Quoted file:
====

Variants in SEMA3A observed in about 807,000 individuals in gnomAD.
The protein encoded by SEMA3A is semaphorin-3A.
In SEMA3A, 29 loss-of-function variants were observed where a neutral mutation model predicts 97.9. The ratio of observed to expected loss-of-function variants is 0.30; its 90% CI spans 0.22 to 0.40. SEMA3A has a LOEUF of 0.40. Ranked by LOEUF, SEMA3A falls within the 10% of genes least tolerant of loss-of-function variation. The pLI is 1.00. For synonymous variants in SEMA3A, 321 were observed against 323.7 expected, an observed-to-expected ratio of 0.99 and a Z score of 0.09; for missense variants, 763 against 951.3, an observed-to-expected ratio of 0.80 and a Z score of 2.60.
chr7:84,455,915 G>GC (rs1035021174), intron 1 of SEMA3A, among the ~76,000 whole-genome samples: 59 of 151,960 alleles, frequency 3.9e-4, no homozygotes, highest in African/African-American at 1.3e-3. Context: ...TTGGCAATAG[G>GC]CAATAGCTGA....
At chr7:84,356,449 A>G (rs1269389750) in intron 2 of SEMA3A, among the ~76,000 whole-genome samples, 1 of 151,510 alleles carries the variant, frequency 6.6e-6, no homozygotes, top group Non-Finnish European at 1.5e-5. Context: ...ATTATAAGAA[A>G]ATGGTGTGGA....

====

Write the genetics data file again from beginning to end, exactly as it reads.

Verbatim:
Variants in SEMA3A observed in about 807,000 individuals in gnomAD.
The protein encoded by SEMA3A is semaphorin-3A.
In SEMA3A, 29 loss-of-function variants were observed where a neutral mutation model predicts 97.9. The ratio of observed to expected loss-of-function variants is 0.30; its 90% CI spans 0.22 to 0.40. SEMA3A has a LOEUF of 0.40. Ranked by LOEUF, SEMA3A falls within the 10% of genes least tolerant of loss-of-function variation. The pLI is 1.00. For synonymous variants in SEMA3A, 321 were observed against 323.7 expected, an observed-to-expected ratio of 0.99 and a Z score of 0.09; for missense variants, 763 against 951.3, an observed-to-expected ratio of 0.80 and a Z score of 2.60.
chr7:84,455,915 G>GC (rs1035021174), intron 1 of SEMA3A, among the ~76,000 whole-genome samples: 59 of 151,960 alleles, frequency 3.9e-4, no homozygotes, highest in African/African-American at 1.3e-3. Context: ...TTGGCAATAG[G>GC]CAATAGCTGA....
At chr7:84,356,449 A>G (rs1269389750) in intron 2 of SEMA3A, among the ~76,000 whole-genome samples, 1 of 151,510 alleles carries the variant, frequency 6.6e-6, no homozygotes, top group Non-Finnish European at 1.5e-5. Context: ...ATTATAAGAA[A>G]ATGGTGTGGA....